Waveguide-fed Pyramidal Horn

Image of the Waveguide-fed Pyramidal Horn.

The rectangular waveguide horn is one of the simplest microwave antennas. Its existence and early use dates back to the late 1800’s, and it is widely used throughout the world as a feed element for large radio astronomy, satellite tracking, and communication dishes. In addition to its utility as a feed for reflectors and lenses, it can serve as an element of phased arrays.

It is commonly used as a universal standard for calibration and gain measurements of other antennas. As such, it is referred to as the standard gain horn, e.g. [Mayhew-Ridgers, G.].

The design approach is for an optimum horn. This is one that approaches maximum gain at the shortest possible length. The first rectangular horn of the pyramidal variety was used by J.C. Bose in 1897, which he termed a “collecting funnel”.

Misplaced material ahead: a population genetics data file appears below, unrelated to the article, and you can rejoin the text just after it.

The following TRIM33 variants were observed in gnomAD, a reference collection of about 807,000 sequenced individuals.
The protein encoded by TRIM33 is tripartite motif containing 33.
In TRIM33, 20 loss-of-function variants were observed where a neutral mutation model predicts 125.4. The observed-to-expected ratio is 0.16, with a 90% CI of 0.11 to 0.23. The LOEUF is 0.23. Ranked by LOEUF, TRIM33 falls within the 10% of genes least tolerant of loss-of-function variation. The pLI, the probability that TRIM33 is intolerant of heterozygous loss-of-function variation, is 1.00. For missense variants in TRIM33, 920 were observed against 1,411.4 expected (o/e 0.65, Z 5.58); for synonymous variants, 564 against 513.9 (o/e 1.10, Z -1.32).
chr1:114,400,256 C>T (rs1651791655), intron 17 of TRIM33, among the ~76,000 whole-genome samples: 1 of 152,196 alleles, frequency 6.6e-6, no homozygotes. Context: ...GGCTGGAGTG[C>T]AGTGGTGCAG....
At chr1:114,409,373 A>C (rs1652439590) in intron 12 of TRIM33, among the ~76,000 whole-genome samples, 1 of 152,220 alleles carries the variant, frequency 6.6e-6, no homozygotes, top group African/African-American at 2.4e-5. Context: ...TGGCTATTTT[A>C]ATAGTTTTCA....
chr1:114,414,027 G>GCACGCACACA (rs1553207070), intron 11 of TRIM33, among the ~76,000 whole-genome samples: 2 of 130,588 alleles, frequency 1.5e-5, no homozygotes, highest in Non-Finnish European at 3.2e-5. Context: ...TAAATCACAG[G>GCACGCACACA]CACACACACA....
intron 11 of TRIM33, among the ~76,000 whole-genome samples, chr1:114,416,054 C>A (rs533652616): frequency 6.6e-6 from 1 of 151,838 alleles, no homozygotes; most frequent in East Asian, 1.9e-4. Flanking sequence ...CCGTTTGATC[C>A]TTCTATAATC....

The most widely used horn is one which is flared in both directions. It is widely referred to as a pyramidal horn, and its radiation characteristics are essentially a combination of the E- and H-plane sectoral horns.

When both the E- and H-plane flare angles are zero, it reduces to an open-ended rectangular waveguide, which is often used for near-field antenna measurements [Yaghjian, A. D.].